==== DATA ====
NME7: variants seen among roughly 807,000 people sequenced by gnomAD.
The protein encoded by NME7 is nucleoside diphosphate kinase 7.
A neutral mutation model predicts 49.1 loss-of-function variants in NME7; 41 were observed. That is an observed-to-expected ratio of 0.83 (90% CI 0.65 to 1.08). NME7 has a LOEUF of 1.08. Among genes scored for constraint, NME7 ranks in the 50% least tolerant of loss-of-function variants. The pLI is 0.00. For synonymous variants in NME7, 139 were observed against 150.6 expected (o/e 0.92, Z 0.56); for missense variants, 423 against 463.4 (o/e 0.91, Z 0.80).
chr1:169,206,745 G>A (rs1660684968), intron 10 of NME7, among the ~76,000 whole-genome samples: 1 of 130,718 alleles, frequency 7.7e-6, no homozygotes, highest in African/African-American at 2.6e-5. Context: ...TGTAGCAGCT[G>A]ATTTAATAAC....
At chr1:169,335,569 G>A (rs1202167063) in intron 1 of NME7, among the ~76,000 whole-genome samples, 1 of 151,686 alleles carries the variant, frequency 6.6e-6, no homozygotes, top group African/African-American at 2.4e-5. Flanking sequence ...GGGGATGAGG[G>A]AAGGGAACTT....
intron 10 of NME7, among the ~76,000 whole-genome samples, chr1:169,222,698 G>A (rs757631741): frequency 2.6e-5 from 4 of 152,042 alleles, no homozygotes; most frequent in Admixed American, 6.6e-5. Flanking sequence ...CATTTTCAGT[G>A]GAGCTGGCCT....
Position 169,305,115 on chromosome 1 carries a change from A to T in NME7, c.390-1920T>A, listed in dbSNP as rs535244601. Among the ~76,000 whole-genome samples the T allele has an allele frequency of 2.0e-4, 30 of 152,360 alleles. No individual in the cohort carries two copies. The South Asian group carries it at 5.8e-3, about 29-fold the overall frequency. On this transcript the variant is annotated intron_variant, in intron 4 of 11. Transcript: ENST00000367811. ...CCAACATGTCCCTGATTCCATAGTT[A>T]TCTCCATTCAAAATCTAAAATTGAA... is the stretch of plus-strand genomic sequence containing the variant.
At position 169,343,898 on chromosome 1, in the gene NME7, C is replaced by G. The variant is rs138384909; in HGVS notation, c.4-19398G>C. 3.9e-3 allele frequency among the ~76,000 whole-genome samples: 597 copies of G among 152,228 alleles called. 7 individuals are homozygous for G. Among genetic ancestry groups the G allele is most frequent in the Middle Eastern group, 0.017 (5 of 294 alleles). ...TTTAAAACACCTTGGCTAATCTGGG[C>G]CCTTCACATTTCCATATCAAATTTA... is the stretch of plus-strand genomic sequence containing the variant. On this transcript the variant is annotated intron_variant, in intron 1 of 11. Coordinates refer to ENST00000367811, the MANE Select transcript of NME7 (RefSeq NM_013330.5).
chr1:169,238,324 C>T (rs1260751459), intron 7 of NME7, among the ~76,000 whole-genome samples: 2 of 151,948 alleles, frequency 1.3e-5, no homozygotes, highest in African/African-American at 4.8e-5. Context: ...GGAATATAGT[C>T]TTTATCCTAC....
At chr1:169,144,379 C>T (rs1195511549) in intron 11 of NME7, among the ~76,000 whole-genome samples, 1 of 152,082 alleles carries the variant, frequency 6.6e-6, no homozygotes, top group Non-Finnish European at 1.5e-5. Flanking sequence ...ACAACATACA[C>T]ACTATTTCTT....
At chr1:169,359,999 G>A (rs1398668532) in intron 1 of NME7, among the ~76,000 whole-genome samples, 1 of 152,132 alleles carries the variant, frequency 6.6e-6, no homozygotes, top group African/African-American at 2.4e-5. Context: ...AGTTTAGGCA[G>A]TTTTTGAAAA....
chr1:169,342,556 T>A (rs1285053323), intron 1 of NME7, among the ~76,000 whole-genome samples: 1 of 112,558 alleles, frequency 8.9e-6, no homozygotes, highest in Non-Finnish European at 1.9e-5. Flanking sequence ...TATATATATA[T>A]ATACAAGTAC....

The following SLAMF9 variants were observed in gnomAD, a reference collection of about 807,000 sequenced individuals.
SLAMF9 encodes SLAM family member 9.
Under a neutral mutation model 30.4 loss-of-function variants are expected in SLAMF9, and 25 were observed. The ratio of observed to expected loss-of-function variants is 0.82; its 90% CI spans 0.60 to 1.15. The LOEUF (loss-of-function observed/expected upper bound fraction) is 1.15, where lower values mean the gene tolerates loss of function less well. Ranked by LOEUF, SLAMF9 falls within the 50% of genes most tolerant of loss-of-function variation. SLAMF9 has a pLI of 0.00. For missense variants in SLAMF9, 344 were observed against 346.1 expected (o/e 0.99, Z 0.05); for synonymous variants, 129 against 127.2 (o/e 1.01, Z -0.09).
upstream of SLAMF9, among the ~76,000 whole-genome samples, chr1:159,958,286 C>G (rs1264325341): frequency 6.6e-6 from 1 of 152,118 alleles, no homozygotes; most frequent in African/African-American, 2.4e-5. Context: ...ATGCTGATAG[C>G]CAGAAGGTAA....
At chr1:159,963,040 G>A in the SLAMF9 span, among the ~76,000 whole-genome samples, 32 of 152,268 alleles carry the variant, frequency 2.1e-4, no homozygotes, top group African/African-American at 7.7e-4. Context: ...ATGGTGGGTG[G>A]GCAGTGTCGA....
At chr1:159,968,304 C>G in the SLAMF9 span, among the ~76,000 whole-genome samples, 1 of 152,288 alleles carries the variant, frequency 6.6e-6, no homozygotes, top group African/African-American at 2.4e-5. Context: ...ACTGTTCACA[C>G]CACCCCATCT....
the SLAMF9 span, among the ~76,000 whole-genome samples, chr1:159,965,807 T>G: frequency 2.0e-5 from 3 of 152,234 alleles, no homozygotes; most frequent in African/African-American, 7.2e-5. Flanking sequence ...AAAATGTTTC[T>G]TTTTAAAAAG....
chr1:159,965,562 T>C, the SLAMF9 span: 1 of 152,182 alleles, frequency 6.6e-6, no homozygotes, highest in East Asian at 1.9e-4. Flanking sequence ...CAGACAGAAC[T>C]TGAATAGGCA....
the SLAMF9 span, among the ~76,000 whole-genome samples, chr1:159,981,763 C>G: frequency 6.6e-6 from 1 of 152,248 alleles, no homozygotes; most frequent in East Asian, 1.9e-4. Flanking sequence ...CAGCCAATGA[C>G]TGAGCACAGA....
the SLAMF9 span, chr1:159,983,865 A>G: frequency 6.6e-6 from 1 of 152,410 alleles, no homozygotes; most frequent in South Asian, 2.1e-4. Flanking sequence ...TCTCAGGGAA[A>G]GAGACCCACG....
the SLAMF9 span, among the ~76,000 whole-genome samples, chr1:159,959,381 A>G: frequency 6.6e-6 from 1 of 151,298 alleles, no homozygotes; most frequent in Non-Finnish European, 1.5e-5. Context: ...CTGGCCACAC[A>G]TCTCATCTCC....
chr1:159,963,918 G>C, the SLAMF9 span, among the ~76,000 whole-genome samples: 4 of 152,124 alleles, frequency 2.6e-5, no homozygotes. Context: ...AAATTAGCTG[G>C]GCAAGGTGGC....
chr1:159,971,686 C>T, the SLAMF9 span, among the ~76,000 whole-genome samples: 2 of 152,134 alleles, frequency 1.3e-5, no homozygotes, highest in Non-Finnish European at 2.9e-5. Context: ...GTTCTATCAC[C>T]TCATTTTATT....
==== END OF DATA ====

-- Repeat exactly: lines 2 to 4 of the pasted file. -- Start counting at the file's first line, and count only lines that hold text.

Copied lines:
The protein encoded by NME7 is nucleoside diphosphate kinase 7.
A neutral mutation model predicts 49.1 loss-of-function variants in NME7; 41 were observed. That is an observed-to-expected ratio of 0.83 (90% CI 0.65 to 1.08). NME7 has a LOEUF of 1.08. Among genes scored for constraint, NME7 ranks in the 50% least tolerant of loss-of-function variants. The pLI is 0.00. For synonymous variants in NME7, 139 were observed against 150.6 expected (o/e 0.92, Z 0.56); for missense variants, 423 against 463.4 (o/e 0.91, Z 0.80).
chr1:169,206,745 G>A (rs1660684968), intron 10 of NME7, among the ~76,000 whole-genome samples: 1 of 130,718 alleles, frequency 7.7e-6, no homozygotes, highest in African/African-American at 2.6e-5. Context: ...TGTAGCAGCT[G>A]ATTTAATAAC....